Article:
New Times / Art
The following articles were printed from New Times [newtimesslo.com] - Volume 27, Issue 46
Hang on to your whiskeyA calendar editor gets Irish with fusion bands, nachos, and belligerent babies
By MAEVA CONSIDINE
It’s a foggy and dreary day in Avila Beach when I pull my car around to the golf course on Sunday, June 9, for the first-ever Blarney at the Beach—a food, music, and booze festival of Irish proportions.
The dichotomy illustrated by what my girlfriend Aileen and I came to Avila Beach to do, and what the sweet, young, athletic family on bikes—whom I nearly mow down trying to park—came to do couldn’t be more clear.
“You’re a terrible driver,” Aileen reminds me for the hundredth time that hour.
I blush, nearly apologetically, and motion frantically for the shocked family to continue on their path to snow cones and the other PG-rated fun they were no doubt about to have.
“Sorry,” I say to Aileen. “I’m just excited to party with my fellow Irish people.”
We park the car at the edge of the Avila Beach Golf Course and I open the door to the passionate sounds of bagpipes and the smell of food too flavorful to possibly be Irish. I should know: I came out of the Irish womb salted and stewed.
We get wrist-banded by a tall security guard in a yellow windbreaker who, in an almost ominous tone tells us to, “Have … fun … .”
“What did he mean by that?” I think to myself as I dodge one of the many middle-aged women frantically gyrating her hips, offbeat, to the sounds of the bagpipes on stage.
I’m about to ask Aileen if she feels like we’re at some wine-fueled ’80s cover band concert at the Santa Barbara Bowl, but when I turn to say something to her I see that she’s already following the scent trail to the Rooney’s food booth at the edge of the main stage.
It’s then that the redheaded, Celtic-blooded, soda bread-loving Aileen orders jalapeño nachos for a starter.
“What are you doing?” I yell to her over the deep thump of a didgeridoo on stage. “That’s not Irish!”
“And neither is what you’re wearing,” she retorts as I look down in shame upon my Endless Summer tank top and jean jacket.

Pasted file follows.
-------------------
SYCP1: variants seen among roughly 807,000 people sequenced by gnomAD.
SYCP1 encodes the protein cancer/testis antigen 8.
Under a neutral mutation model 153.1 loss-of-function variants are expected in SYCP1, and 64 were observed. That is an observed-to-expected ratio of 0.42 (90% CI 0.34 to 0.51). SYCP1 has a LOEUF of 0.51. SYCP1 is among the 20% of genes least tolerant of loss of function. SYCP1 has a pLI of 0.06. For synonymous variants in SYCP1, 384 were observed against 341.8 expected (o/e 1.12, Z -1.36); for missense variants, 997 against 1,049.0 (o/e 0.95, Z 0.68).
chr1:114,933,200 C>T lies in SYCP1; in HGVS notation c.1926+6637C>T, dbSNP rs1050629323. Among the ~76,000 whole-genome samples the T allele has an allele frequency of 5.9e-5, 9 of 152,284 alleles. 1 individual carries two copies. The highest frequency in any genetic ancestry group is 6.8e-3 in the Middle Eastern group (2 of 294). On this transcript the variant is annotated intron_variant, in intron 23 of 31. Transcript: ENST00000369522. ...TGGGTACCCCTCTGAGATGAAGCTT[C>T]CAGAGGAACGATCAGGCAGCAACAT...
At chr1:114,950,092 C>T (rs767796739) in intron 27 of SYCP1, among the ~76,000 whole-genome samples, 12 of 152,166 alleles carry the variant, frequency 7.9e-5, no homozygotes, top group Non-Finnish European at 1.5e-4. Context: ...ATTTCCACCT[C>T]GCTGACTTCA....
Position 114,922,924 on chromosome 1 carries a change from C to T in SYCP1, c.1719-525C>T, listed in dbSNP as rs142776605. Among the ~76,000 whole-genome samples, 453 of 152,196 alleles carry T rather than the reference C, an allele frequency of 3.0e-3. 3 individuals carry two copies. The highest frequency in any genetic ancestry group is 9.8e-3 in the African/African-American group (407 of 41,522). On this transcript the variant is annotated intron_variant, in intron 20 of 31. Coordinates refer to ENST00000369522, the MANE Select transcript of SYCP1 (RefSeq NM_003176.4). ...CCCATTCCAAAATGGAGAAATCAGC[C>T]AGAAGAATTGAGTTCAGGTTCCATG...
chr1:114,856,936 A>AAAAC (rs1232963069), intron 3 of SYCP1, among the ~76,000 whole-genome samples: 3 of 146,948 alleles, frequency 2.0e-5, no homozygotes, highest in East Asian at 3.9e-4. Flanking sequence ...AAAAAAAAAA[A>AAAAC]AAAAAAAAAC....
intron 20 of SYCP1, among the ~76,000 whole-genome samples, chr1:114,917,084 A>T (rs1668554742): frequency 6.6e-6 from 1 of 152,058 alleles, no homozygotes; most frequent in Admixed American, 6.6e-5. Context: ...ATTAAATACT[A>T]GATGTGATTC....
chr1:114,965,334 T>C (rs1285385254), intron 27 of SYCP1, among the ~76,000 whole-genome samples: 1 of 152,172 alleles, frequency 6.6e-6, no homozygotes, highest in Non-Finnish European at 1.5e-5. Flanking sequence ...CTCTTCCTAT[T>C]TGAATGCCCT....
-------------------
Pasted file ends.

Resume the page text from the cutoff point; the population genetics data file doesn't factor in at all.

“I have to look like an objective reporter,” I argue loudly while munching on some of the nachos.
We decide to sit and enjoy the last few songs of the band Brother, a Celtic/rock/tribal/Australian fusion band that gets lots of the Reagan-era ladies in fedoras, babies, Cal Poly graduates, and dudes in kilts up and dancing around.
This is when I notice that everyone dancing has something in common: They’re all drinking, except for the babies, who, let’s face it, are like tiny drunks we as a society tolerate because they’re cute and small—and like drunk people, will occasionally say something funny or off the wall.
“I need a drink,” I yell to Aileen as I scramble toward the row of booze trailers.
I order a Dublin Donkey—a whiskey, sours, and ginger concoction. Thankfully, for $10 a ride, this donkey has a pretty good kick.
Aileen orders a vodka lemonade (also not Irish) and we proceed to mosey around for a few hours listening to the sounds of The Fenians while I debate buying some Celtic jewelry or getting a leprechaun painted on my cheek at the face painting booth. In the end, Aileen and I settle on having our pictures taken in the Bluesteel Airstream photo booth, an adorable vintage trailer outfitted with props and that prints your photos instantly.
As we’re standing in line, the couple in front of us clashes over which prop hat will go best on the gentleman.
“Wear the pink cowboy hat,” the woman commands. The gentleman obliges, adjusts the chinstrap, and steps inside the booth. When they emerge, the couple laughs hysterically and the woman running the booth asks how things went.
“We’re drunk and silly,” she says, unwittingly summing up the entire Blarney at the Beach experience for Aileen and me.
Soon, Aileen confesses that the Benadryl she took earlier in the day to stave off the effects of a grass allergy has left her a little lethargic and loopy. Suddenly all of the less-than-Irish food and beverage choices begin to make sense: She’s totally out of it.
We start heading back to the car and I notice that folks from all walks of Irish and not-so-Irish life seem to be having a great time. It’s then that I remember my people do have one thing in common, and it’s the need to be near other people who love to eat and laugh and dance terribly like we do. I leave satisfied that Blarney at the Beach has managed to uphold the tenets of Irishness most near and dear to my heart. And it was also a good thing that our friend Tullamore Dew was there.
Calendar Editor Maeva Considine likes both art and the occasional bash. Send your love and whiskey to email@example.com
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